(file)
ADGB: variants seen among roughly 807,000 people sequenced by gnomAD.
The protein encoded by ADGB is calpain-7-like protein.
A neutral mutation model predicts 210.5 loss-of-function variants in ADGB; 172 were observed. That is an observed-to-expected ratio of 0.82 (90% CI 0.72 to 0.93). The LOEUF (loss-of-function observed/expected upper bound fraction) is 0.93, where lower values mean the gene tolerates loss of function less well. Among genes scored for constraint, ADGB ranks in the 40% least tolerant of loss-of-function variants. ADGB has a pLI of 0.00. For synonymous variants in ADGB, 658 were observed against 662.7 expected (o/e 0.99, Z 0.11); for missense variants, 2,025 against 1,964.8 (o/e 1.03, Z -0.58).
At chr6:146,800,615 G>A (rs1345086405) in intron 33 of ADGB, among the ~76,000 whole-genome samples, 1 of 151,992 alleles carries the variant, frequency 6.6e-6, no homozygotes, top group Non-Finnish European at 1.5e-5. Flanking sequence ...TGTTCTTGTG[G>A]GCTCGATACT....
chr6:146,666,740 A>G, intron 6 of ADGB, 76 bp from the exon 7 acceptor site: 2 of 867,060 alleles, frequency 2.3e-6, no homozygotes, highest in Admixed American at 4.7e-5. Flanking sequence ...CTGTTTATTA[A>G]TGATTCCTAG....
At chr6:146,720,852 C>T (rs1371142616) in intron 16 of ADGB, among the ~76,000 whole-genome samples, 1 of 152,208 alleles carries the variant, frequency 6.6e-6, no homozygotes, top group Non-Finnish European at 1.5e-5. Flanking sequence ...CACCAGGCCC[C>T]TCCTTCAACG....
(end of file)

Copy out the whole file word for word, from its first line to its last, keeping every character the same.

ADGB: variants seen among roughly 807,000 people sequenced by gnomAD.
The protein encoded by ADGB is calpain-7-like protein.
A neutral mutation model predicts 210.5 loss-of-function variants in ADGB; 172 were observed. That is an observed-to-expected ratio of 0.82 (90% CI 0.72 to 0.93). The LOEUF (loss-of-function observed/expected upper bound fraction) is 0.93, where lower values mean the gene tolerates loss of function less well. Among genes scored for constraint, ADGB ranks in the 40% least tolerant of loss-of-function variants. ADGB has a pLI of 0.00. For synonymous variants in ADGB, 658 were observed against 662.7 expected (o/e 0.99, Z 0.11); for missense variants, 2,025 against 1,964.8 (o/e 1.03, Z -0.58).
At chr6:146,800,615 G>A (rs1345086405) in intron 33 of ADGB, among the ~76,000 whole-genome samples, 1 of 151,992 alleles carries the variant, frequency 6.6e-6, no homozygotes, top group Non-Finnish European at 1.5e-5. Flanking sequence ...TGTTCTTGTG[G>A]GCTCGATACT....
chr6:146,666,740 A>G, intron 6 of ADGB, 76 bp from the exon 7 acceptor site: 2 of 867,060 alleles, frequency 2.3e-6, no homozygotes, highest in Admixed American at 4.7e-5. Flanking sequence ...CTGTTTATTA[A>G]TGATTCCTAG....
At chr6:146,720,852 C>T (rs1371142616) in intron 16 of ADGB, among the ~76,000 whole-genome samples, 1 of 152,208 alleles carries the variant, frequency 6.6e-6, no homozygotes, top group Non-Finnish European at 1.5e-5. Flanking sequence ...CACCAGGCCC[C>T]TCCTTCAACG....